I regularly speak with business leaders about Knowledge Management (KM). It is surprising how often I hear executives tell me they have addressed KM in their organization by implementing SharePoint or O365. When I ask how well it is working, they share that KM is not working well in the organization, and there is a great deal of frustration in helping people find the information they need. They often incorrectly blame SharePoint. I am not surprised that organizations are using SharePoint or O365 as their primary KM platform; it is a powerful platform designed to support the entire KM life cycle. Why, then, are these organizations struggling with KM? There are a number of reasons for this, including:
- Technology is an enabler but not the solution for KM;
- Information is more than just content; and
- Content consolidation is hard.
Our KM maturity benchmark is divided into five areas: people, process, content, culture, and technology. We do this because all five are critical for a successful KM program. Understanding the people in your organization, including who has knowledge and who needs knowledge, is critical to making sure that the flow of information happens in a smooth and meaningful way. The most successful KM transformations embed KM activities into normal business processes. When KM activities happen outside of normal processes, they feel like an extra step and are frequently ignored. Content includes everything, from web pages and documents to data sets and videos. Not all content fits in SharePoint, and it is important to make sure that your KM suite includes the right tools to support the different types of content that make up your organization’s critical knowledge. Culture is about making sure that people at all levels of the organization understand the importance of KM. Technology is the enabler. Organizations that assume KM is just about SharePoint are missing a huge part of what truly makes KM work. SharePoint or O365 is a great tool to support KM initiatives; it just needs the support of these other areas to truly be successful.
The other problem with SharePoint or O365 as your sole solution for KM is the diverse types of information that need to be captured, managed, and shared. SharePoint is a wonderful tool for capturing and managing documents. However, the information knowledge workers need comes from many other sources. Courses can come from a Learning Management System (LMS) or a third-party site like LinkedIn Learning. Videos can be hosted on YouTube, Vimeo, or Brightcove. Data is typically managed through a data catalog tool like data.world. These tools are purpose built to manage this type of information. SharePoint is not. Our best KM transformations include a portal that aggregates this information across platforms. SharePoint and O365 can do some of this if they are configured appropriately, but the plan to support KM needs to include more than SharePoint as your answer to getting knowledge workers the right information at the right time.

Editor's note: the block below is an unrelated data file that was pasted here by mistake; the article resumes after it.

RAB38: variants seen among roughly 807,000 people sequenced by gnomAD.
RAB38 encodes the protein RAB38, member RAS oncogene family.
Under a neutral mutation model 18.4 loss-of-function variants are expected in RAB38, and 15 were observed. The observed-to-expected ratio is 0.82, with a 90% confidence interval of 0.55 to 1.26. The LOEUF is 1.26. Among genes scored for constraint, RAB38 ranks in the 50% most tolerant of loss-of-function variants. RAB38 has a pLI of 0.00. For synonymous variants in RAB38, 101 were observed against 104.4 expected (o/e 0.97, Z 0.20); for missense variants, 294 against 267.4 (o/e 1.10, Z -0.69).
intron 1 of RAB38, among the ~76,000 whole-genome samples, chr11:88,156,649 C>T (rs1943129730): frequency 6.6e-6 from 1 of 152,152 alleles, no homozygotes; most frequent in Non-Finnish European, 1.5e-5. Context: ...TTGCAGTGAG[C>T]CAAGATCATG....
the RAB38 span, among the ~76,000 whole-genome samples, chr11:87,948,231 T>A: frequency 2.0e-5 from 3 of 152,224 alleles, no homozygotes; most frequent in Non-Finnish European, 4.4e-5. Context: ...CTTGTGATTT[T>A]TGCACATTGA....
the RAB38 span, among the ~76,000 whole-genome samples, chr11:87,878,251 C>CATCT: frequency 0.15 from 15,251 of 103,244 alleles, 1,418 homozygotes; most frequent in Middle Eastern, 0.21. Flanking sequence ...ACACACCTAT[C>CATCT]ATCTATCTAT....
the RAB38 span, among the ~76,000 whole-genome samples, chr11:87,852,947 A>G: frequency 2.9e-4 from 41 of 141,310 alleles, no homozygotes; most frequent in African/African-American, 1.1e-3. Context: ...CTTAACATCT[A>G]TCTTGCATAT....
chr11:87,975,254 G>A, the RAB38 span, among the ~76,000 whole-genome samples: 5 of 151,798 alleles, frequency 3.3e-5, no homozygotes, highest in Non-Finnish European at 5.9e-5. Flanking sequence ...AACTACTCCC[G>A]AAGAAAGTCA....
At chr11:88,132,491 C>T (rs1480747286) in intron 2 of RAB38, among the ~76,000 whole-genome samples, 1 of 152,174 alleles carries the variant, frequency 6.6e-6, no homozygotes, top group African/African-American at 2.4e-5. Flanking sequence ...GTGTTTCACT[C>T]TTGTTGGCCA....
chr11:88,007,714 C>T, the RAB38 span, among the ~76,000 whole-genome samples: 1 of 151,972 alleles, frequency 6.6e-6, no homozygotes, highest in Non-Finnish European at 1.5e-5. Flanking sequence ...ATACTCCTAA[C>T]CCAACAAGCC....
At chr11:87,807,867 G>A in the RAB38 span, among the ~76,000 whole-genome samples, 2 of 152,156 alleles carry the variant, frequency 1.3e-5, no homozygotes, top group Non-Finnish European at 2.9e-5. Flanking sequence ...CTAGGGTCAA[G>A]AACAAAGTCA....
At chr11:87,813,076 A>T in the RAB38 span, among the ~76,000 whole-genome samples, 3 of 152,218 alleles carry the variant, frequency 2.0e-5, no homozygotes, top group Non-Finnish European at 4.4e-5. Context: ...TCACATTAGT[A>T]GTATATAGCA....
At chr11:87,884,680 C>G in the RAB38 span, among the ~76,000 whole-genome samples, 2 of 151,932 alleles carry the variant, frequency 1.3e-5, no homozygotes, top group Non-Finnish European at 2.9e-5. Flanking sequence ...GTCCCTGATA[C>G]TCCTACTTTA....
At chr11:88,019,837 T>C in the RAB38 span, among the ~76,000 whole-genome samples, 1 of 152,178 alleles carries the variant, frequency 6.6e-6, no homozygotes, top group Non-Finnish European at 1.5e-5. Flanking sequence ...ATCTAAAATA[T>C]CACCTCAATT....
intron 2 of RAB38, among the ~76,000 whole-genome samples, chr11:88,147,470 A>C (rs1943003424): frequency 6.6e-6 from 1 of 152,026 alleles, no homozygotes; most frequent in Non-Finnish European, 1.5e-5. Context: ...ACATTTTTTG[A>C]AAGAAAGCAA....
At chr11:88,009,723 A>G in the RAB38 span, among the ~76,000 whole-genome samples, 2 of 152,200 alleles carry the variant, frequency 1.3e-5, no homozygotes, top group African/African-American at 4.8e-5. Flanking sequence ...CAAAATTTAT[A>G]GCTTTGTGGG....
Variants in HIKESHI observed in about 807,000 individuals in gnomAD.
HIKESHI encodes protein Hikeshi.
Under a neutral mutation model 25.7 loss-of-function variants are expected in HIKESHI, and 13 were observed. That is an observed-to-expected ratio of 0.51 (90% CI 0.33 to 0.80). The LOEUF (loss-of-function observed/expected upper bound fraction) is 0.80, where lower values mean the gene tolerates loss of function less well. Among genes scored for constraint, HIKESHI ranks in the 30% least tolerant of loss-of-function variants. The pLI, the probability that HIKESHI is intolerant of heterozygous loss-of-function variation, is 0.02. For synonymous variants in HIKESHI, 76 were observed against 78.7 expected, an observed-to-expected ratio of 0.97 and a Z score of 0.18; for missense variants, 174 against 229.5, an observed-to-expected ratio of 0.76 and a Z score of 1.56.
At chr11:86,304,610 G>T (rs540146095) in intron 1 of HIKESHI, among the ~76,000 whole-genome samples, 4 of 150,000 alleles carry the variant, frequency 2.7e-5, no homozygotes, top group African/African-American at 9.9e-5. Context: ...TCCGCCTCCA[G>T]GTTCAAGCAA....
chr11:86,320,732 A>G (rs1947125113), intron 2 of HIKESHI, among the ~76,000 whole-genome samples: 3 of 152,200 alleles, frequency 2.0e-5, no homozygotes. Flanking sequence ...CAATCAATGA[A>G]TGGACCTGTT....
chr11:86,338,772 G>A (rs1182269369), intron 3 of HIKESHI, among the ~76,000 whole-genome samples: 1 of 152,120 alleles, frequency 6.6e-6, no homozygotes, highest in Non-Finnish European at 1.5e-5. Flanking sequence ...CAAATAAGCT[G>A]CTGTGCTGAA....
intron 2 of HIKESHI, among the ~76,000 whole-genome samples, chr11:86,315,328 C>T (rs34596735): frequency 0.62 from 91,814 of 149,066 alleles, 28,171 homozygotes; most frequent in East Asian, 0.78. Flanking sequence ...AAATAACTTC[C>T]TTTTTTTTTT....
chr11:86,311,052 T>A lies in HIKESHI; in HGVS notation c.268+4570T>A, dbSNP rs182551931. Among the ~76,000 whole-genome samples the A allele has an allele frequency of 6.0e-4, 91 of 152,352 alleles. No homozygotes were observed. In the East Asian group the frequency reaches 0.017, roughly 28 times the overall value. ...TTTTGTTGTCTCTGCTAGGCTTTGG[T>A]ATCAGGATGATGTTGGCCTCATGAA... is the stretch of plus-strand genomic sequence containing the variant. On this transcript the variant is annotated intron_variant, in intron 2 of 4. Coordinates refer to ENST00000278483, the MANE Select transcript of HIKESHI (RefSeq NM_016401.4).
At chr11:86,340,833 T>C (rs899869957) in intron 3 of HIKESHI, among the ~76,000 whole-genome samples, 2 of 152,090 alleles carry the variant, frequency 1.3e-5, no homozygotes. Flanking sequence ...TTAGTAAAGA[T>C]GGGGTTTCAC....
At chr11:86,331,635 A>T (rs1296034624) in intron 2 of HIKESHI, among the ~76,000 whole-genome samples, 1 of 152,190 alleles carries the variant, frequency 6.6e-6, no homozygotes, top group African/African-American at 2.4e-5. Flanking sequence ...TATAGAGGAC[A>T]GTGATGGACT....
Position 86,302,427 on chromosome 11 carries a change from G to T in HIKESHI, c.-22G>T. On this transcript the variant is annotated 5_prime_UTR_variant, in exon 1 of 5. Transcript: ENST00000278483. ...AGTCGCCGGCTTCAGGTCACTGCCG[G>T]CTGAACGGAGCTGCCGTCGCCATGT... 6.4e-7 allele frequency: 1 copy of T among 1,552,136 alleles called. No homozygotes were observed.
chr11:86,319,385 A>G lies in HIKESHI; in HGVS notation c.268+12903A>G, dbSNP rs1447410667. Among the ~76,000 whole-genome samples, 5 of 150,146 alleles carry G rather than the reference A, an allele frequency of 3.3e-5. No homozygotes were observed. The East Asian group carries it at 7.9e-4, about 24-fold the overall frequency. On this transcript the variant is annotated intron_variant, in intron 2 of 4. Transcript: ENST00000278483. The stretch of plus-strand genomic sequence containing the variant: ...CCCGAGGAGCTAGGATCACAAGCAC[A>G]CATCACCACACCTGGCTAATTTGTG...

Most organizations have multiple content management systems that have been used for years. One large organization I consulted with asked us to provide a strategy for document management. When the project started, they thought that they had six content management systems. After some investigation, we found out that they had close to twenty different systems. SharePoint is often one of those systems, but it is not the only one. Part of an effective KM strategy is having one place to go to find the information that you need. Migrating content from multiple systems into one can be time consuming and very expensive. We typically recommend using a portal and a search engine or a metadata catalog to centralize access and management of content across the existing systems, rather than trying to migrate all of that content. SharePoint or O365 can still be the primary tool; it is just not the only tool.
SharePoint can be a great knowledge management platform. When set up correctly, it does a wonderful job of allowing people to capture and collaborate on documents across an enterprise. Having said that, it is only a piece of a truly effective KM program. Effective KM involves a proper understanding of people, integration with established processes, and changing culture. It requires tools that can aggregate heterogeneous information from multiple sources. A properly implemented KM program provides the benefits promised in digital transformations. It allows organizations to be more agile, resilient, efficient, and customer-centric. Our best clients move much faster and more confidently than their competitors because their employees have the information they need to do their job in the most efficient manner possible.
If your organization dislikes its SharePoint or O365 platform and does a poor job of sharing knowledge, it might be the right time to revisit your KM strategy. We have a free KM self-assessment tool that you can use to understand the maturity of your KM program. Take a look at it at https://enterprise-knowledge.com/knowledge-management-maturity-benchmark-self-assessment/. You can see where you stand and get a sense of what it takes to make KM and SharePoint work for you.